History of Jewelry

jewelryJewelry refers to the use of metals, beads, glass, bone, wood, shells, or stones to adorn the body, and has been worn by men or women (or both) in every known society throughout the world. Jewelry is typically created with a precious metal such as gold, platinum, silver, or bronze acting as the base and adding to that any number of stones, beads, or glass as further decoration. Other common bases include carved or molded wood, clay, bone (such as ivory) and today, plastic.Some jewelry doesn’t use a base at all but instead is made from beads or shells or stones strung together on a string or animal sinew.

Jewelry is both decorative and functional. In many societies, the wearing of precious stones and metals was a way of storing and displaying wealth, and jewelry itself often served as a form of currency as well as dowry for women. Other practical functions include the use of some kinds of jewelry, such as buckles and brooches, to keep clothing together, and the use of jewelry to hold items, such as pendants which can carry a photo or perfume and rings which could hold snuff.
Around the world, many cultures have used jewelry as a form of protection against evil. Amulets, for example, are stones or metals, or sometimes a bag of herbs or other magical items, which are worn to protect the wearer from evil. Some Christians wear a medal belonging to a saint which provides protection and could bring good luck, and many Christians see the wearing of a crucifix as a form of protection. Milagros are small silver images used by Mexican and Southwest Catholics which were traditionally attached to statues of saints as a reminder of the person’s prayer or request, although today they are often worn as jewelry. In this sense, jewelry and tattoos often perform the same religious function, although tattoos can provide the wearer with permanent protection.
Cameos, which include a carved likeness of a person, and lockets, which include a photo of a person, are often used as memorials of the dead or as commemorations of a loved one.
Finally, jewelry, like other adornments, often demonstrate social status and group membership. Religiousicons such as the cross, pentagram, or Star of David mark one as a member of a particular religious tradition. The wearing of expensive jewelry demonstrates one’s elevated status, and in some societies, such as ancient
Rome, only the elites were allowed to wear certain items of jewelry. The wearing of a particular piece of jewelry, such as a wedding ring, demonstrates one’s status as a married person. Tiaras are associated with royalty. For a time period in the 1990s, it was common to associate men who wore earrings with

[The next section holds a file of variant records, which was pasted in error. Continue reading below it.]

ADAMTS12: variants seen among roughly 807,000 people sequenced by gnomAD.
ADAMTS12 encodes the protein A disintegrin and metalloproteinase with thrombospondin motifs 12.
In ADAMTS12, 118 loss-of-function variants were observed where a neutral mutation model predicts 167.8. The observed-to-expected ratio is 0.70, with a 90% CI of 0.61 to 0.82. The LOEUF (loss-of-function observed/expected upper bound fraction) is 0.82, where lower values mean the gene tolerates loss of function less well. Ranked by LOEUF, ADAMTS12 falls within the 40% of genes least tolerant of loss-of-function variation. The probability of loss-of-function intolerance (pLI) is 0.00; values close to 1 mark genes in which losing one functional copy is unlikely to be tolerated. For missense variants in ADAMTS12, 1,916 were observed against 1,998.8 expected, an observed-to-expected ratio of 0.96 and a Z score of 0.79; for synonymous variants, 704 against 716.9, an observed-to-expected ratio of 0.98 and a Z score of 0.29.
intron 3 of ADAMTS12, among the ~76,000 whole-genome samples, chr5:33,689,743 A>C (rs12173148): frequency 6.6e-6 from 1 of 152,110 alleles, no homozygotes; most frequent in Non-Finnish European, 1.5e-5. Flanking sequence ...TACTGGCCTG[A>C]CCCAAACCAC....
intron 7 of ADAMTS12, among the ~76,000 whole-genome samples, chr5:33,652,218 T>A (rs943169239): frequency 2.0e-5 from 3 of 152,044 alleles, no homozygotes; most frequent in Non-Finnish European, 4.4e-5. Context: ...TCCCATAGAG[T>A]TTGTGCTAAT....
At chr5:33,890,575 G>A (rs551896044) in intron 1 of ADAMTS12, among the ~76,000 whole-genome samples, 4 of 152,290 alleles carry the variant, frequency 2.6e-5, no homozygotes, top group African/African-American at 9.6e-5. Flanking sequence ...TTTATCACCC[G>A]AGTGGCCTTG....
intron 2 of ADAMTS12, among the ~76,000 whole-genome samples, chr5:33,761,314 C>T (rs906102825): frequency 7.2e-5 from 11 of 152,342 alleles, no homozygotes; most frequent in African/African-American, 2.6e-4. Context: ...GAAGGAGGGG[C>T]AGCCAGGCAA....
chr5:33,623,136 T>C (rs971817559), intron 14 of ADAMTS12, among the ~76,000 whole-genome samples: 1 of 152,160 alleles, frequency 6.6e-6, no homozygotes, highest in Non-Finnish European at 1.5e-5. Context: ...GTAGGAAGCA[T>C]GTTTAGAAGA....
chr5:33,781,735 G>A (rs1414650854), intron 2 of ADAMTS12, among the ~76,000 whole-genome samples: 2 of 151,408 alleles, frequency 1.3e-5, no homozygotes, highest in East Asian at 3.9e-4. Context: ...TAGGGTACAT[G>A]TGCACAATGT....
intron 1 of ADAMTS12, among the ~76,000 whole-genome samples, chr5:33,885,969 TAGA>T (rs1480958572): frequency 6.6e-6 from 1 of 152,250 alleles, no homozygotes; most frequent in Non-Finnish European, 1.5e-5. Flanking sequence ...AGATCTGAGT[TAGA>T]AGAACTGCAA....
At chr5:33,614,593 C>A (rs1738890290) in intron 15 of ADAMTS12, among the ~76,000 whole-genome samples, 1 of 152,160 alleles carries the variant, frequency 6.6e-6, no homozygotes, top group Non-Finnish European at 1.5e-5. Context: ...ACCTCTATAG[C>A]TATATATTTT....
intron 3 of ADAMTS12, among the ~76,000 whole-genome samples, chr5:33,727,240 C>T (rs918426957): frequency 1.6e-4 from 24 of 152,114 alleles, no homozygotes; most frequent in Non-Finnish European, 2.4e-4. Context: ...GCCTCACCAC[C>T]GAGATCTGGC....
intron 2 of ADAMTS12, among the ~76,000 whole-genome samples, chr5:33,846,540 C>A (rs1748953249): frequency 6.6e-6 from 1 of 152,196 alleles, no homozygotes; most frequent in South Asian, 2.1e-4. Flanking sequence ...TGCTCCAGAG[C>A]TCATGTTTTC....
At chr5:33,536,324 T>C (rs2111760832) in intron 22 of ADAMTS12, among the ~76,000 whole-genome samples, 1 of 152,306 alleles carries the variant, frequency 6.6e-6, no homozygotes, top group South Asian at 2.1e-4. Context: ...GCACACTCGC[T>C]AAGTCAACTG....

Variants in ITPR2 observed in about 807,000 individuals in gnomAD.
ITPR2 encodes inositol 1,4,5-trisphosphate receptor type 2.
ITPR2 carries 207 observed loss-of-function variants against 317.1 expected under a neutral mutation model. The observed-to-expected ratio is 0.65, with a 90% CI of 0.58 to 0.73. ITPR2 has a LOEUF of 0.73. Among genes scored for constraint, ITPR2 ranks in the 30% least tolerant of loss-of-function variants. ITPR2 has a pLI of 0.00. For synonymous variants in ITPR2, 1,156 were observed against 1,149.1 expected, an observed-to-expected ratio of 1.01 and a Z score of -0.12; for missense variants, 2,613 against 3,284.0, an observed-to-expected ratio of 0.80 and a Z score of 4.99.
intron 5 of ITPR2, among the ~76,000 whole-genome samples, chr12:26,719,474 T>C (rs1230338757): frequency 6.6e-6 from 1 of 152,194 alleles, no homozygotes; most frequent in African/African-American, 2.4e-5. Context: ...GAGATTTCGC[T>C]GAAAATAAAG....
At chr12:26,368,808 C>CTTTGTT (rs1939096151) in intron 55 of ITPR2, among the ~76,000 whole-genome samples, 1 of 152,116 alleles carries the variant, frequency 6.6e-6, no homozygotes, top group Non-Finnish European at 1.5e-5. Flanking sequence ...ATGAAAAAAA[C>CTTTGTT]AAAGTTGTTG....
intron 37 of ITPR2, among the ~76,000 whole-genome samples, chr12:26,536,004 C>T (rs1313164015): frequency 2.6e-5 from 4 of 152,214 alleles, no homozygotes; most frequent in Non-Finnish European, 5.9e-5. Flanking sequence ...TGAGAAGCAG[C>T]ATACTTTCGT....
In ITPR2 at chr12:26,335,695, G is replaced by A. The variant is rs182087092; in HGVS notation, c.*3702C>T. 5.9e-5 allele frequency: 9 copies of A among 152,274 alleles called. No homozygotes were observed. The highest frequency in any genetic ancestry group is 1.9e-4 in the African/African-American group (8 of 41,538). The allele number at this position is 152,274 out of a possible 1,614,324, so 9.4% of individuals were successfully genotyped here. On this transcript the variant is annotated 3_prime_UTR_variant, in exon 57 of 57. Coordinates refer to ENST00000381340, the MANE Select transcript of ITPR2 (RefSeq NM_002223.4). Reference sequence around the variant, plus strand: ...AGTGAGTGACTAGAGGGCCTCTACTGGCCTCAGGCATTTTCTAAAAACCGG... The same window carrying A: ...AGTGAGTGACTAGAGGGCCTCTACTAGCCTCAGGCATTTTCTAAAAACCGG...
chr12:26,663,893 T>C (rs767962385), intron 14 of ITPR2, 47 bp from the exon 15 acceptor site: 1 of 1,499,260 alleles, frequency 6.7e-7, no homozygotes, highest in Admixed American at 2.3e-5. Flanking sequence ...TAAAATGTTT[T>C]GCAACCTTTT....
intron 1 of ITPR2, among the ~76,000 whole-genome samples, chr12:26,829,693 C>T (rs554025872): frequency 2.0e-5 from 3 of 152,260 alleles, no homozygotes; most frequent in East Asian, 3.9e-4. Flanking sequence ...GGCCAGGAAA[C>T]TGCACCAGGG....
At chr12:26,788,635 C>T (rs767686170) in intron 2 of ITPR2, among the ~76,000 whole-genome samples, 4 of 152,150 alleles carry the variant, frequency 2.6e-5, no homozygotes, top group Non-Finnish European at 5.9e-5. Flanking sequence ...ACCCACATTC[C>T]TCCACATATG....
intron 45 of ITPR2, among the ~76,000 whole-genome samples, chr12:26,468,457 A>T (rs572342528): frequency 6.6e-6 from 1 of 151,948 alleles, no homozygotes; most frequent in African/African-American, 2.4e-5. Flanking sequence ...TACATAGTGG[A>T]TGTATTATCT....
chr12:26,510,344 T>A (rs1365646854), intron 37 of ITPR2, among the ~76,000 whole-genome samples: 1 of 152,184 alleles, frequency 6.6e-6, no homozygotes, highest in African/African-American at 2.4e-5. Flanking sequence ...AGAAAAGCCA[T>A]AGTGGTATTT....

homosexuality. Wealthy men in China wore hat buttons which demonstrated rank and Chinese women wore strips of gold decorated with gems on their foreheads, as a sign of status. The men of some Papuan tribes are allowed to wear specific headdresses once they have killed an enemy.
Most jewelry is used to temporarily adorn the surface of the body, and includes hairpins, headdresses, and barrettes for the hair, broaches and pins for clothing, necklaces and chokers for the neck, rings for the finger and toes, earrings for the ears, and bracelets for the arms. Other types of jewelry, however, are used to adorn
temporary or permanent body modifications, and thus many are more adornments in the body rather than on the body. This includes a wide variety of jewelry used to adorn pierced ears, plus studs, rings, bones, and tusks for facial piercings and body piercings.
Some items of jewelry are used to modify the body itself. For instance, girls of the Padaung tribe in Myanmar (formerly known as Burma) traditionally had large golden rings placed around their necks and their calves from about 5 years old. Over the years, more rings are added, until an adult Padaung woman’s neck carries over twenty pounds of rings and is extended by 10–15 inches.
Many African cultures use jewelry to stretch the earlobes, or enlarge ear piercings, while some African tribes as well as some South American tribes as well as ancient Meso-Americans have used lip plates or plugs to piercing the lips. A number of Pacific Northwest Indian groups also used labrets in their lips. Both of these practices have been incorporated into modern primitivist practices today.
Today, specialized jewelry is made specifically to be used in facial and body piercing. Much of today’s piercing jewelry styles were created initially by Jim Ward of the Gauntlet. From the wide variety of earrings available around the world today to the studs, barbells, labrets, ear spirals, nipple shields, tusks, and
other items of jewelry used in modern body piercings, piercing afficianados can choose from a wide variety of pieces made from surgical steel, gold, silver, bone, titanium, glass, and other materials.

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